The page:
Event photography can help fill in the gaps
for a commercial photographer, and you might gain some new clients along the way. It is a good idea to partner with an event planner for referrals and leads. Events are usually held in the evenings and on weekends, so be prepared to work non-traditional hours. Events can range from birthday parties to bridal showers to more formal corporate and black-tie events.
You should have a contract prepared for each event you photograph.
Typically an hourly fee applies to these types of events. If you are including all electronic images with the event, price your fees accordingly and have the copyright or reproduction release clearly written out. The PPA (Professional Photographers of America) is a good resource for copyright information
Almost all stock photography is done electronically. There are many successful stock photographers, but that doesn’t mean it is easy. You will need to start with at least three hundred excellent images. By excellent I mean sharp, exposed perfectly, and unique. Start by researching stock houses on the internet. Some specialize in certain types of photography while others are more generalized. If you have a niche (travel, pets, cities etc) you should seek those out first.
Establish a rapport with the agency so you can stay a step ahead of the competition.
You will need to submit thousands of images annually and have some of them accepted to earn an income from this profession. Most photographers use this as supplemental income and do not quit the day job. Check out I-stock for getting started in stock photography. They have very broad classifications so it is easy to get set-up with them. You should also check out Stock Photography at Can Stock Photo They offer affordable royalty free stock photography. Downloads for just $1.00, with thousands of images added weekly.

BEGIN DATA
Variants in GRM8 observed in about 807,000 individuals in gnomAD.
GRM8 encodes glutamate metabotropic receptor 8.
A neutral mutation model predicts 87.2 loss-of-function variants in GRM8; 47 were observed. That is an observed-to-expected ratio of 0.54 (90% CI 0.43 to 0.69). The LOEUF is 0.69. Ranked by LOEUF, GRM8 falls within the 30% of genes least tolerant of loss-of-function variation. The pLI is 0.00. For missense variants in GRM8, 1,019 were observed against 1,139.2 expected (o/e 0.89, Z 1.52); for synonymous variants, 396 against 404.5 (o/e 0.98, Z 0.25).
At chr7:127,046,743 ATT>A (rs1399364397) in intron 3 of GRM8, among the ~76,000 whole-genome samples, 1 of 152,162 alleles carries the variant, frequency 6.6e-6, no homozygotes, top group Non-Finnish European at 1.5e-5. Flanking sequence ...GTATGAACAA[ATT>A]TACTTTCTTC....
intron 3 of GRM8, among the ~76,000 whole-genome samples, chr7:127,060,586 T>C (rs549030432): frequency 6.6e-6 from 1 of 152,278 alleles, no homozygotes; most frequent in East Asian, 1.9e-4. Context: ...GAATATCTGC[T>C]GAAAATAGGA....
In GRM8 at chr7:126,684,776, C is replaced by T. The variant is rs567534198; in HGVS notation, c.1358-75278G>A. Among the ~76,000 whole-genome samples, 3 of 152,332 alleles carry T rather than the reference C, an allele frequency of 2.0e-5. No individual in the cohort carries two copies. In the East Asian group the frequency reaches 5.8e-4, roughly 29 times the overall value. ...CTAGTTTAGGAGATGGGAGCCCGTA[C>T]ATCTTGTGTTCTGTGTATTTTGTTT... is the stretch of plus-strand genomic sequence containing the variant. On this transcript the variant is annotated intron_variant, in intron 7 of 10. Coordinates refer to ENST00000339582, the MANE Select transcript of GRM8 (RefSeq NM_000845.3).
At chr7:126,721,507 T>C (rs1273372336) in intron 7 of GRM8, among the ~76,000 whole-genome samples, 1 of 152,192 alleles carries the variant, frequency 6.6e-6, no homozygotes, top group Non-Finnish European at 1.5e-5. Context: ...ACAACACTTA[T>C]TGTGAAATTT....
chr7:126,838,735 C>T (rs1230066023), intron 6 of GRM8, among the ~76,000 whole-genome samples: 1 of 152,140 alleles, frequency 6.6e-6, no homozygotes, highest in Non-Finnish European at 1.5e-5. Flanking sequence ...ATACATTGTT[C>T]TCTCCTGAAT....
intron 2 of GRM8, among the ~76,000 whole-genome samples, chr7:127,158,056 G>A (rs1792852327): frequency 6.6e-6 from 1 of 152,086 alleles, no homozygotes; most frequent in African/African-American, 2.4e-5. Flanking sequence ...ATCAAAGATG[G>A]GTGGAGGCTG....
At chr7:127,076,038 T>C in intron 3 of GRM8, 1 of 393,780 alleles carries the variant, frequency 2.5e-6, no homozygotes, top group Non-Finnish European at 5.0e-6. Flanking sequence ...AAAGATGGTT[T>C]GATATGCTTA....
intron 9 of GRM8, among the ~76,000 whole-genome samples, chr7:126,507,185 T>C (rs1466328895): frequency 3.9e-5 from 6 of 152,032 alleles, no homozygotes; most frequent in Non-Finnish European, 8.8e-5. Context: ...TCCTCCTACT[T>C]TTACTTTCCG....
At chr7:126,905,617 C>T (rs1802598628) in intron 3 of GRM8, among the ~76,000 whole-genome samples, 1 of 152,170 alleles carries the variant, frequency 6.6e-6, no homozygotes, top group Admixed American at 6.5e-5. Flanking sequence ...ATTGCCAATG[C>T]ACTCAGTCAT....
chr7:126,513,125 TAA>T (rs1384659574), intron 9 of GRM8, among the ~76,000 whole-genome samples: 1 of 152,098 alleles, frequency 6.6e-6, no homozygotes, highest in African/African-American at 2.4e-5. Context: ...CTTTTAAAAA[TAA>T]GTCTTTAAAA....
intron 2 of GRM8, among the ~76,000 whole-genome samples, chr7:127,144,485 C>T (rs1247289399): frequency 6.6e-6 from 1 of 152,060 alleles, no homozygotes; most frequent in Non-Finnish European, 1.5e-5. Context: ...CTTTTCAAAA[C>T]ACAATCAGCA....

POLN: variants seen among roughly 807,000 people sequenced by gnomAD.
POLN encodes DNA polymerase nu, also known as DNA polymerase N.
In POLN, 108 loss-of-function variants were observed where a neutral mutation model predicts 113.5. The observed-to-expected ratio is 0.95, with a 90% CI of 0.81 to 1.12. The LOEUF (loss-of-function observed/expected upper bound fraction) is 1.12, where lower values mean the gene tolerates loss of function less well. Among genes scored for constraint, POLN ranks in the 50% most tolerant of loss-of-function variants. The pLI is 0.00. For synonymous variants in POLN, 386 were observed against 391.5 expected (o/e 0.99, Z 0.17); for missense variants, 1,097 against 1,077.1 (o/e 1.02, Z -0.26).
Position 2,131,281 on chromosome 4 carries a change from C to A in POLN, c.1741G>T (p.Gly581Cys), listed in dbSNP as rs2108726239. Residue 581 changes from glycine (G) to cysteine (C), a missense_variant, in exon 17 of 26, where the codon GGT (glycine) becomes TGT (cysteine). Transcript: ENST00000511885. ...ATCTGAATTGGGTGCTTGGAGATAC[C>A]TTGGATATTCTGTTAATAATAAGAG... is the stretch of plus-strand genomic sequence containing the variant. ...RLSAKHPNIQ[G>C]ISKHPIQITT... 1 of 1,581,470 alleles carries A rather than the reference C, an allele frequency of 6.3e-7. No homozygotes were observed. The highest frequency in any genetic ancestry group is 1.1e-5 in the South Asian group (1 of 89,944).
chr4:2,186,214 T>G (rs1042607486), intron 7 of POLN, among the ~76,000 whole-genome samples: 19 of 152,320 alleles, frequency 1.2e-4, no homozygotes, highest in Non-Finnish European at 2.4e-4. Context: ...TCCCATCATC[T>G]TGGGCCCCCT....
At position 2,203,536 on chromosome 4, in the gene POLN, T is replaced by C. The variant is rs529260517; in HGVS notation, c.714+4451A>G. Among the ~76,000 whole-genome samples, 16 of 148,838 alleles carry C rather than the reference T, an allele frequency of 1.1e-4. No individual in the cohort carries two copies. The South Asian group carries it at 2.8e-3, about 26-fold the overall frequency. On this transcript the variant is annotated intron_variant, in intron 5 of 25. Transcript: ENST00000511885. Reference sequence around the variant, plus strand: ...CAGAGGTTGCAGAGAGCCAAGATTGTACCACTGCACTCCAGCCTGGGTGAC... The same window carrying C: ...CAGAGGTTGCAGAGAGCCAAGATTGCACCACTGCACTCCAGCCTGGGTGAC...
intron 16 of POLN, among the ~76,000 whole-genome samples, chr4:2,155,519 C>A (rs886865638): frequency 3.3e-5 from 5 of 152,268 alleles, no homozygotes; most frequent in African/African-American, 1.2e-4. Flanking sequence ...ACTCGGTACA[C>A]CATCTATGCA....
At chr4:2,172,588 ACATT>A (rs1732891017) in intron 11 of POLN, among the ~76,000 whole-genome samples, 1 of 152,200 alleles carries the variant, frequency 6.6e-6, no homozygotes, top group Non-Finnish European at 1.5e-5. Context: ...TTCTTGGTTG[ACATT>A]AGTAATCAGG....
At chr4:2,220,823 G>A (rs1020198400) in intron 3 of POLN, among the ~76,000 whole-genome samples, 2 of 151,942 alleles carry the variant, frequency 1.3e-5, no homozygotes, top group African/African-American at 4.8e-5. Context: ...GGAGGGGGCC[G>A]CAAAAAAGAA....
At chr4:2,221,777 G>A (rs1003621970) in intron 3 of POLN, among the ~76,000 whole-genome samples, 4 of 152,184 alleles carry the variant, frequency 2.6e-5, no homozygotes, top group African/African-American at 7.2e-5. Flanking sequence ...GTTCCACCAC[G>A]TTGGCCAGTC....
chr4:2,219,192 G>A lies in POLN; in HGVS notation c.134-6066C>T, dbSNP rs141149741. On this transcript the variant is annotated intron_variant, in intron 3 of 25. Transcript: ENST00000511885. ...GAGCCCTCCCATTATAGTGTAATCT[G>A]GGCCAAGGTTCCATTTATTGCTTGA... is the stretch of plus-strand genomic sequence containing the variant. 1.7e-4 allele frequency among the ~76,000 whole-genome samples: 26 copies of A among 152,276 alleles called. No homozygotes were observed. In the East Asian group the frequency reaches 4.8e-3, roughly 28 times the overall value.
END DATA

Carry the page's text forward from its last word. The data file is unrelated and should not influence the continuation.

Fine Art Photography
Unfortunately, this is the most difficult niche to make a profit. Very few photographers sell their photographs as fine, but some do very well.
To get started, partner with a decorator who loves your work.
You should have a identifiable look, whether it is flowers, landscapes, black and whites or city-scapes. What ever you choose, there will be someone out there who will like your work. Stroll through galleries and art shops and ask what the best sellers are. You can also look at furniture stores to see what they are displaying over the sofas.
Your images should be printed on the finest archival papers
matted with acid free mats and framed with UV glass. Lexjet is a good source for fine art papers. They can recommend a paper or send you a sample pack. Purchasing your own large format printer, mat and glass cutter can be a huge start-up expense, but in the long run you can cut down on your cost of sales and turn your product into a more profitable one.
If your work is good enough,you should be able to enter a juried art show. This is a starting point to see how the public (art-lovers) view your work. I have found photography has a limited appeal, even at art shows, so don’t be disappointed. Sell smaller, less expensive versions of your work in the form of notecards and small prints. I do not recommend craft shows for selling your fine art photography.
Another avenue for selling fine art is to medical and dental offices.
Landscape photographs can be marketed by their healing effects. Soft images of waterfalls, meadows, mountains, flowers, etc. all have been proven to help soothe patients who are suffering from illnesses. Look for new offices going in or older ones who are in need of redecorating. You can go door to door or use the services of a sales rep.
Commercial photography is a very broad business category with a huge playing field.
In conclusion, if you love photography there will be something out there for you to do to capture your market share. Follow your business plan and don’t give up.